Dr Ann Marie Mealey, Director of Catholic Mission at Leeds Trinity University, reflects on the teachings of Pope Emeritus Benedict XVI

We were saddened to learn of the death of Pope Emeritus Benedict XVI. The news will have sadden particularly those who had a deep appreciation of his theological writings and those who had the privilege of attending the Papal Visit to the United Kingdom in 2010.

Students at Leeds Trinity studied some of the writings of Pope Emeritus Benedict XVI and pondered the implications of his teachings for the modern world. Deus Caritas Est (God is Love, 2005), Spe Salvi (Saved by Hope, 2007) and Caritas in Veritate (Love in Truth, 2009) have been debated in our Philosophy, Ethics and Religion courses at Leeds Trinity for several years and will undoubtedly continue to shape those students who have now graduated and work in our local schools, charities, and businesses.

The teachings of Caritas in Veritate very much link with our own mission as a Catholic faith foundation University, as they remind us that every person who interacts with us at the University must be respected and cared for. This means taking the necessary steps daily to ensure that the good of all is maintained and guaranteed. Paragraph 7 of Caritas in Veritate reminds us that, put simply, to show love is to be naturally drawn into the field of justice and peace; that “there is a good that is linked to living in society: the common good”. This teaching is essential for universities such as Leeds Trinity. And we must continue to find ways of expressing our profound respect and support for those who work and study in our universities, as without these principles underpinning our work, we cannot claim any distinctiveness or claim to be genuinely living our mission and values.

But in addition to this support and respect, we need to teach and empower our students to believe that they can make a difference in the world. Graduate employability is not simply about preparing and supporting students to get into jobs. At Leeds Trinity, it is also about empowering our students to question the structures and circumstances in businesses, charities, communities, and classrooms that can keep people disempowered, marginalised and questioning their own true potential.

On this point, the teaching of the late Pope Emeritus Benedict XVI is again helpful. In Spe Salvi (paragraph 24-5), he reminds us that we must always be open to asking new questions and looking at old problems in a new light; that “new generations can build on the knowledge and experience of those who went before, and they can draw upon the moral treasury of the whole of humanity”.

When viewed in light of what Catholic universities are trying to achieve, this provides a sound platform for the critical engagement that is sought after from employers. Graduates who can take approaches from previous generations and ask whether they are now providing a suitable moral compass for the future are extremely valuable to any organisation. Challenging the status quo, asking fresh questions, providing ethical solutions, and having the convictions to see these through are valuable both in moral and business terms.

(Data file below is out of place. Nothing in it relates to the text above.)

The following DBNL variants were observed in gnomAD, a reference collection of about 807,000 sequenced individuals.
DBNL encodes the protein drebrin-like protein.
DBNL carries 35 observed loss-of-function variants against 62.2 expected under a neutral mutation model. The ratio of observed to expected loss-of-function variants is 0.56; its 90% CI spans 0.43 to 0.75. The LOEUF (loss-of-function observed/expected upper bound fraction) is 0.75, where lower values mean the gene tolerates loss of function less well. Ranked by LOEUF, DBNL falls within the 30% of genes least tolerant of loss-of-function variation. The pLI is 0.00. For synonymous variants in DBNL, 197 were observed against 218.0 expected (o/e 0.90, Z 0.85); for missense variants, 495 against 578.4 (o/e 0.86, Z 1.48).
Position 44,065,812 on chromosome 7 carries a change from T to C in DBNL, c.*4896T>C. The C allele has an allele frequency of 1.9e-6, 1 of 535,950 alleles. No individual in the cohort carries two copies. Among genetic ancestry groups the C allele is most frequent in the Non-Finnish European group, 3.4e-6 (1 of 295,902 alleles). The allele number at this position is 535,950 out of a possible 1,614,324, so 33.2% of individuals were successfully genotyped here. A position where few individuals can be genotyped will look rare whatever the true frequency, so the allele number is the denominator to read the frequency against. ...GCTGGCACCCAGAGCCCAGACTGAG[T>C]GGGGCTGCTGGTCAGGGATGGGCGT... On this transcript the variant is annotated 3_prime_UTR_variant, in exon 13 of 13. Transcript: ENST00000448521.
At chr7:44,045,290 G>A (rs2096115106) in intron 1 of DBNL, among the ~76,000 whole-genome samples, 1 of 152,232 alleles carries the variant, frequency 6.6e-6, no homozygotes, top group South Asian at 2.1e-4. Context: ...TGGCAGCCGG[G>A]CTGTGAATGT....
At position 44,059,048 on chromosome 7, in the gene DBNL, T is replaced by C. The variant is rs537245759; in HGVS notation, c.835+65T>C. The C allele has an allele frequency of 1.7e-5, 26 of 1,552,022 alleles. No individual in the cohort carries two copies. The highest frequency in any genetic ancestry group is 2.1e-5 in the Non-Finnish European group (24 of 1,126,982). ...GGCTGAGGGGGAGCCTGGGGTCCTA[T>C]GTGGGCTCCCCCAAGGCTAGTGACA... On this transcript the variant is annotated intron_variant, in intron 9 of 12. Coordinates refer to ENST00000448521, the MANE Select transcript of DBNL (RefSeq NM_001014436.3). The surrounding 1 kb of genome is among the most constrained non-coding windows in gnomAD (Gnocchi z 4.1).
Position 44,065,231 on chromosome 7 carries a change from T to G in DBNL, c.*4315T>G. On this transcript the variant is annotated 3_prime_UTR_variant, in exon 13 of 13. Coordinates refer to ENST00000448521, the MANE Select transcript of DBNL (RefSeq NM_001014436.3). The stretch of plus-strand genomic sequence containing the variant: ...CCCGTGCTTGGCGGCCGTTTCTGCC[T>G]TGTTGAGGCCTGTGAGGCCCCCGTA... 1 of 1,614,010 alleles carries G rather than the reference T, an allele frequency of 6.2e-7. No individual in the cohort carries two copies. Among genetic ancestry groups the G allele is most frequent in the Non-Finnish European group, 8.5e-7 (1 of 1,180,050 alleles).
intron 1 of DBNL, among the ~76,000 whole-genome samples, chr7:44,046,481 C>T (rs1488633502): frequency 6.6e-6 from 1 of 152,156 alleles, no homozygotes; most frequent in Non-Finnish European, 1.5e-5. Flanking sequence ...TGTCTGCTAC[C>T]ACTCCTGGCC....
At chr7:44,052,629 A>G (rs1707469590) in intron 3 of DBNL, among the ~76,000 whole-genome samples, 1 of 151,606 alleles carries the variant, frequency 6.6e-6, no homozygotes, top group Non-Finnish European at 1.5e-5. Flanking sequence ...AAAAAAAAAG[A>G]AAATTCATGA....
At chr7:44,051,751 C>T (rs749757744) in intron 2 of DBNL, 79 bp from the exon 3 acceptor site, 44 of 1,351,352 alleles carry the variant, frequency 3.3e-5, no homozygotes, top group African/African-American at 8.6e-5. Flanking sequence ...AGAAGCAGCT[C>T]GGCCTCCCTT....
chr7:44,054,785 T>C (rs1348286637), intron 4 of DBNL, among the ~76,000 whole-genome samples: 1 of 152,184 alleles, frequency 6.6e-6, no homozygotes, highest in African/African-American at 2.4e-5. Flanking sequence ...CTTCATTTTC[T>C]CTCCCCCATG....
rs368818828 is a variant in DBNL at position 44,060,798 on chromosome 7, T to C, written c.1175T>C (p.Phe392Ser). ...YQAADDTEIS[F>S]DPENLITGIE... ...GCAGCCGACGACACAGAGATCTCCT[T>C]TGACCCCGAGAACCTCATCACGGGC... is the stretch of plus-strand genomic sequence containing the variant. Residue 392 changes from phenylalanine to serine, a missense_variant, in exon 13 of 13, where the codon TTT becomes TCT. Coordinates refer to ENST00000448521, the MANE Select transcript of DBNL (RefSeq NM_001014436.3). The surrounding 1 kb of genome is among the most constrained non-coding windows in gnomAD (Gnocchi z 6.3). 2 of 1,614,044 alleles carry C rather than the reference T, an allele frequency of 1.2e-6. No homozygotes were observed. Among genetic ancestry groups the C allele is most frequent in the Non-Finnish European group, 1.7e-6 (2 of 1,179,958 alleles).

Along with these teachings, Leeds Trinity students who attended the Papal Visit to England and Scotland in 2010 will remember Benedict XVI perhaps for the rest of their lives. His humility, openness towards them and willingness to engage with students of all ages was very endearing indeed. The reports were overwhelmingly positive as he seemed confident and very much at ease bringing the theology of the Catholic Church and its riches to bear on the contemporary world and its challenges. Known for his love of students, learning and scholarship, many who knew this Pope personally reported that he never forgot the names of his students and continued supporting them long after they graduated.

There are certain aspects of Pope Benedict XVI’s work that continue to be debated and will continue to be written about by scholars. Nevertheless, few can doubt the enormous contribution to theological teachings and Catholic scholarship more generally that he leaves behind. As the Bishop of Leeds, Marcus Stock puts it: “Benedict’s teaching as the Successor of St Peter and his theological writings have given the Church a profound legacy that will be appreciated ever more deeply now and in the years to come.”

But for those who do not belong to the academy or to the Church, there is another lasting teaching that the late Pope leaves behind, having admitted in 2013 that he no longer had the “strength of mind and body” to continue the role in such a demanding world.

For anyone in leadership, this example is both humbling and thought-provoking. Having the ‘courage to be imperfect’ is something that is certainly worthy of consideration by everyone, and something that the late Pope Benedict XVI leaves not only to the universal Church but to the whole of humanity. With gratitude and thanks, may he Rest in Peace.

Dr Ann Marie Mealey is the Director of Catholic Mission at Leeds Trinity University.

Picture: Pope Benedict XVI outside Westminster Cathedral during his 2010 UK visit. © Marcin Mazur/CBCEW